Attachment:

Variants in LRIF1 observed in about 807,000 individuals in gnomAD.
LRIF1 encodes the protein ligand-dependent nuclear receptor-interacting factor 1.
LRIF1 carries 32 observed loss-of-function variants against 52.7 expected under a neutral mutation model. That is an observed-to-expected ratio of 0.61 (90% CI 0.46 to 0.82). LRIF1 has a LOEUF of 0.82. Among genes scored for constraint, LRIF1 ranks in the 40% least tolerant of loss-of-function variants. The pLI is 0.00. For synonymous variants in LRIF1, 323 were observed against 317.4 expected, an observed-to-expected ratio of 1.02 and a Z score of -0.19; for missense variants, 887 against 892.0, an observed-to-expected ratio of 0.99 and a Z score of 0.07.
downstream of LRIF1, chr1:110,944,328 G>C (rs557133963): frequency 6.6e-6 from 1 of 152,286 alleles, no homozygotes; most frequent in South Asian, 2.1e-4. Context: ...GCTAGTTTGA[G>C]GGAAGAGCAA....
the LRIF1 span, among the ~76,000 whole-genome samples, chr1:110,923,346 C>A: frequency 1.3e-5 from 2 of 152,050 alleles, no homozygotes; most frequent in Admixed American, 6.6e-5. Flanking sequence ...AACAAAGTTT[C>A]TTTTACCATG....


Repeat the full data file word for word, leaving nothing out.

Variants in LRIF1 observed in about 807,000 individuals in gnomAD.
LRIF1 encodes the protein ligand-dependent nuclear receptor-interacting factor 1.
LRIF1 carries 32 observed loss-of-function variants against 52.7 expected under a neutral mutation model. That is an observed-to-expected ratio of 0.61 (90% CI 0.46 to 0.82). LRIF1 has a LOEUF of 0.82. Among genes scored for constraint, LRIF1 ranks in the 40% least tolerant of loss-of-function variants. The pLI is 0.00. For synonymous variants in LRIF1, 323 were observed against 317.4 expected, an observed-to-expected ratio of 1.02 and a Z score of -0.19; for missense variants, 887 against 892.0, an observed-to-expected ratio of 0.99 and a Z score of 0.07.
downstream of LRIF1, chr1:110,944,328 G>C (rs557133963): frequency 6.6e-6 from 1 of 152,286 alleles, no homozygotes; most frequent in South Asian, 2.1e-4. Context: ...GCTAGTTTGA[G>C]GGAAGAGCAA....
the LRIF1 span, among the ~76,000 whole-genome samples, chr1:110,923,346 C>A: frequency 1.3e-5 from 2 of 152,050 alleles, no homozygotes; most frequent in Admixed American, 6.6e-5. Flanking sequence ...AACAAAGTTT[C>A]TTTTACCATG....